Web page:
The first historical evidence of a settlement in Lod is found in a list from the fifteenth century BCE, which reviews the Canaanite cities that were conquered by Pharaoh Thutmose III. This reference attests to the importance of Lod in the region, although at the time it was probably still under the protection of the city of Gezer (J.B. Prichard. 1969. ANET, pp. 234–235, 243). Lod appears in the descendants’ list of the tribe of Benjamin (Chronicles I, 8: 12) and is mentioned in numerous sources from the Hellenistic and Roman periods. During the reign of the emperor Septimius Severus, Lod became a polis and was named Diosopolis; in the Early Islamic period the previous name was restored to the city.
The tell is today covered with modern construction, save its northern end, which has eroded away. Remains dating to the Pottery Neolithic and Chalcolithic periods, the Bronze and Iron Ages, the Persian, Hellenistic, Roman, Byzantine and Early Islamic periods, the Middle Ages and the Ottoman period were found in excavations at the tell and in its vicinity. Remains ascribed to three periods, the Pottery Neolithic and Chalcolithic periods and the Early Bronze Age, were uncovered in excavations on Abba Hillel Silver Street (HA-ESI 112:65*–66*).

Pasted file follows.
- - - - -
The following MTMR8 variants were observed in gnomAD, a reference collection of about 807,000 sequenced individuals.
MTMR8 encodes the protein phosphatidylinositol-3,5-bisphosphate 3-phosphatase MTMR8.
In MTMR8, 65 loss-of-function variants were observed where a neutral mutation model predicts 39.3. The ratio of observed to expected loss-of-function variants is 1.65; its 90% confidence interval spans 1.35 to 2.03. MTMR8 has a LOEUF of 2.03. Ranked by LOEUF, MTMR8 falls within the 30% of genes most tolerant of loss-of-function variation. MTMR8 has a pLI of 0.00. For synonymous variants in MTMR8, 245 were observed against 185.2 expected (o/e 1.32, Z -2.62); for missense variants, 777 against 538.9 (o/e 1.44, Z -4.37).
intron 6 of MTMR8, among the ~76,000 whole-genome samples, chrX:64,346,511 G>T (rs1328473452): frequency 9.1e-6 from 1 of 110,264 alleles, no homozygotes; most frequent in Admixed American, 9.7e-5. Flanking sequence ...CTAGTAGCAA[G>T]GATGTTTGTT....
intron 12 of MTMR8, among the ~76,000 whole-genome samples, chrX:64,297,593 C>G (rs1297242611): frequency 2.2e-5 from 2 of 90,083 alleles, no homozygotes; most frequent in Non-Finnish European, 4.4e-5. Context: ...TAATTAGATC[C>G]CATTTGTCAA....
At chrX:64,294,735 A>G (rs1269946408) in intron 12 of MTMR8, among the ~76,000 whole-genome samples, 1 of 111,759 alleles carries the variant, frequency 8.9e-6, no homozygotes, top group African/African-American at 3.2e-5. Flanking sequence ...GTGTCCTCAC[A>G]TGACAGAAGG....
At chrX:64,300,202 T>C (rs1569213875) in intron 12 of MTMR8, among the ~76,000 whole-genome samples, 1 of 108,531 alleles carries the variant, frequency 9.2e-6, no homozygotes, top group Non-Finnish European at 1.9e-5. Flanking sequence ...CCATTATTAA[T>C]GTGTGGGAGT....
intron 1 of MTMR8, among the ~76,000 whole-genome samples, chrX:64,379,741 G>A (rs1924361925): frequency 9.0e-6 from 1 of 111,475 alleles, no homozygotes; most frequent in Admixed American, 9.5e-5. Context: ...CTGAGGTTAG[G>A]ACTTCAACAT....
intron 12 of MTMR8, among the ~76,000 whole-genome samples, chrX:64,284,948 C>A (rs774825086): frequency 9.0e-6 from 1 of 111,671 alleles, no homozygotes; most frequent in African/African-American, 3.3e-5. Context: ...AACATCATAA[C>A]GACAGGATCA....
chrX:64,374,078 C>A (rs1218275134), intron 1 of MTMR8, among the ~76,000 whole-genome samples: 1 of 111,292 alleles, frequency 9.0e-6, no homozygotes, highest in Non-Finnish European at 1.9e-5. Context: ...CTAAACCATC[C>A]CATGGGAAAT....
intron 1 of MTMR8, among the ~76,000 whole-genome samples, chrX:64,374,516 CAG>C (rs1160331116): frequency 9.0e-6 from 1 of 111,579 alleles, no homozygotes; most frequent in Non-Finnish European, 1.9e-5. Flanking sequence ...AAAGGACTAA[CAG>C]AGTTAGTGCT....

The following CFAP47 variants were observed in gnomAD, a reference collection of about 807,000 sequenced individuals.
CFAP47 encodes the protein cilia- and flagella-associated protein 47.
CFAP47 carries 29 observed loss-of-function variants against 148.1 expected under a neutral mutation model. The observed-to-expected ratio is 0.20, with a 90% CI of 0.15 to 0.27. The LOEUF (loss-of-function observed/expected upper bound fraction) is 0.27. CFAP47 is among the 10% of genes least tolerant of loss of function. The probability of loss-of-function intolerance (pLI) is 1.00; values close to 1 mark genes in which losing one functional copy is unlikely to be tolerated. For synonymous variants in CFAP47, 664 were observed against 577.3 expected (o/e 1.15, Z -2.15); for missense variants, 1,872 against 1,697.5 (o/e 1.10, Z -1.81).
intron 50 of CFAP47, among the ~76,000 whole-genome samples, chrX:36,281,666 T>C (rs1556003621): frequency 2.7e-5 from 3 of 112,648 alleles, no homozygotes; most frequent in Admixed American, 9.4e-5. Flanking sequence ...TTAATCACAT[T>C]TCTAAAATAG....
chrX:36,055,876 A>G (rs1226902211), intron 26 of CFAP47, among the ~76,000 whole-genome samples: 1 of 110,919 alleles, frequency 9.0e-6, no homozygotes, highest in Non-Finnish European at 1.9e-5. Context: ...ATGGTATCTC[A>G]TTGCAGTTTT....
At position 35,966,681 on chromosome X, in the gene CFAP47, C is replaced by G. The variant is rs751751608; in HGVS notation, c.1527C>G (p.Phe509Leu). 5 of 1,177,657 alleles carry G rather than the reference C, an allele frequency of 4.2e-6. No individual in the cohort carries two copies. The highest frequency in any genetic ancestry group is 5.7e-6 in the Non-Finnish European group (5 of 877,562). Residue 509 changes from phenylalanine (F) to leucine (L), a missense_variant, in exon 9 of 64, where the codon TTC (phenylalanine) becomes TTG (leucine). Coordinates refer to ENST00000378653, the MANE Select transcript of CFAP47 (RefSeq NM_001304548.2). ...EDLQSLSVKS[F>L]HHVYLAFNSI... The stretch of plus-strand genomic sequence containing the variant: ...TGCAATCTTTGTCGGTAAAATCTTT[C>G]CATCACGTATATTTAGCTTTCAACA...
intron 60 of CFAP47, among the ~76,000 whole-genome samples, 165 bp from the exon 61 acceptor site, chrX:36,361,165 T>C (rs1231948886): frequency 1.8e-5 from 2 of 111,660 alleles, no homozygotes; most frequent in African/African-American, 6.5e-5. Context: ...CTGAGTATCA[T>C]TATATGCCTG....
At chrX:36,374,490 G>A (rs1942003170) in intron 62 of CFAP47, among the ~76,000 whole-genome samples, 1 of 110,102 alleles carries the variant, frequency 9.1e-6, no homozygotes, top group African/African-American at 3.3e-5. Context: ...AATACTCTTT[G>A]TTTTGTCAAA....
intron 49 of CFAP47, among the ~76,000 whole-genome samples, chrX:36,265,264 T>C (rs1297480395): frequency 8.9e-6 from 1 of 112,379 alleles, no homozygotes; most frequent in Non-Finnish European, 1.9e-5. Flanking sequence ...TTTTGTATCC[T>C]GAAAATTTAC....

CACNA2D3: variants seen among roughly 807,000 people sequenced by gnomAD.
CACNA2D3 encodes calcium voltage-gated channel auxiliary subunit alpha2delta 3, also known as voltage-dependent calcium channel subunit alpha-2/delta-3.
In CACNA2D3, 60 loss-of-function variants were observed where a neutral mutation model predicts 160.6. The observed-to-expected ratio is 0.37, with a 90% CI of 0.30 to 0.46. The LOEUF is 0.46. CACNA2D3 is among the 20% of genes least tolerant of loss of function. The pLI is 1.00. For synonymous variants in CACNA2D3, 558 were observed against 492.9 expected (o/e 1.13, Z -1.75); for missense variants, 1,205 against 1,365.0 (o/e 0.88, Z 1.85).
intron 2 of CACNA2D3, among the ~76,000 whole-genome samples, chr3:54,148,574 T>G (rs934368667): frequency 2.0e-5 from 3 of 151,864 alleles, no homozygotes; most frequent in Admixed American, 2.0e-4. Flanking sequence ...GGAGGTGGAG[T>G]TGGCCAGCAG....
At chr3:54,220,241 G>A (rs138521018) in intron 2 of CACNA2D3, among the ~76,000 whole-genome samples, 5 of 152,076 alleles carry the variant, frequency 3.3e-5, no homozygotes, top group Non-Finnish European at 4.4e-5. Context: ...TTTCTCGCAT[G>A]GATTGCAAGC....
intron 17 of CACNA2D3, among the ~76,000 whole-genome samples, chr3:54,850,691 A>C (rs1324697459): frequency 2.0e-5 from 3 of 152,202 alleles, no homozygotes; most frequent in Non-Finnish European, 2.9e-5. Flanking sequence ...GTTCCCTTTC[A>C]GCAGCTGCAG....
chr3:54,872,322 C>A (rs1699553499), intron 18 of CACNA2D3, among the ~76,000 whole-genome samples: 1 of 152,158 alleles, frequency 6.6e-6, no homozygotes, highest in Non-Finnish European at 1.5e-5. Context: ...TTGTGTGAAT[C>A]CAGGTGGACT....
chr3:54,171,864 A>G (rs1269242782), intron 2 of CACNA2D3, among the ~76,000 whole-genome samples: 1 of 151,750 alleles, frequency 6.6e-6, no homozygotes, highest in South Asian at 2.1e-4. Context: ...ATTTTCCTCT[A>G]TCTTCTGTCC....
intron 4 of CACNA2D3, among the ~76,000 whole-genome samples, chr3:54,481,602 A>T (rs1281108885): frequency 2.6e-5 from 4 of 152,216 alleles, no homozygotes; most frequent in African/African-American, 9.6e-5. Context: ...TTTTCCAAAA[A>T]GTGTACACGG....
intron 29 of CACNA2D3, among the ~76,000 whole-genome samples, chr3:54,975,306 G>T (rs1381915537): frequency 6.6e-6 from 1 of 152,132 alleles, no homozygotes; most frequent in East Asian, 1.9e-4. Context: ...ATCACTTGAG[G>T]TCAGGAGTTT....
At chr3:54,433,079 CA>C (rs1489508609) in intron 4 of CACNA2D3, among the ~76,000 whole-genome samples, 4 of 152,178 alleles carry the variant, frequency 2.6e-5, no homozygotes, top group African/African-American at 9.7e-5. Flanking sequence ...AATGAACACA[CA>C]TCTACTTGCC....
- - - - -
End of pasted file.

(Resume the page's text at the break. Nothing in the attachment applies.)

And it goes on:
Four phases, all dating to the Early Bronze Age, were identified in part of a building that overlaid a mud-brick wall and was exposed at the northern end of the tell (Bulletin of the Department of Antiquities and Museums of Israel, 1957, Vol. 5).
Finds dating to Middle Bronze II, Iron Age I, and the Byzantine, Early Islamic, Mamluk and Ottoman periods were revealed in the northern industrial zone (HA-ESI 116; HA-ESI 117); and remains of a settlement from the Roman, Byzantine and Early Islamic periods were uncovered
c. 350 m north of the tell (HA-ESI 120).
The current excavation has begun with removal of the top layer with a backhoe, whose rear bucket had no teeth, until ancient remains began to appear (depth 2 m). A single square was opened and finds from two strata that dated to the Early Bronze Age were exposed (Strata 1, 2; Fig. 1).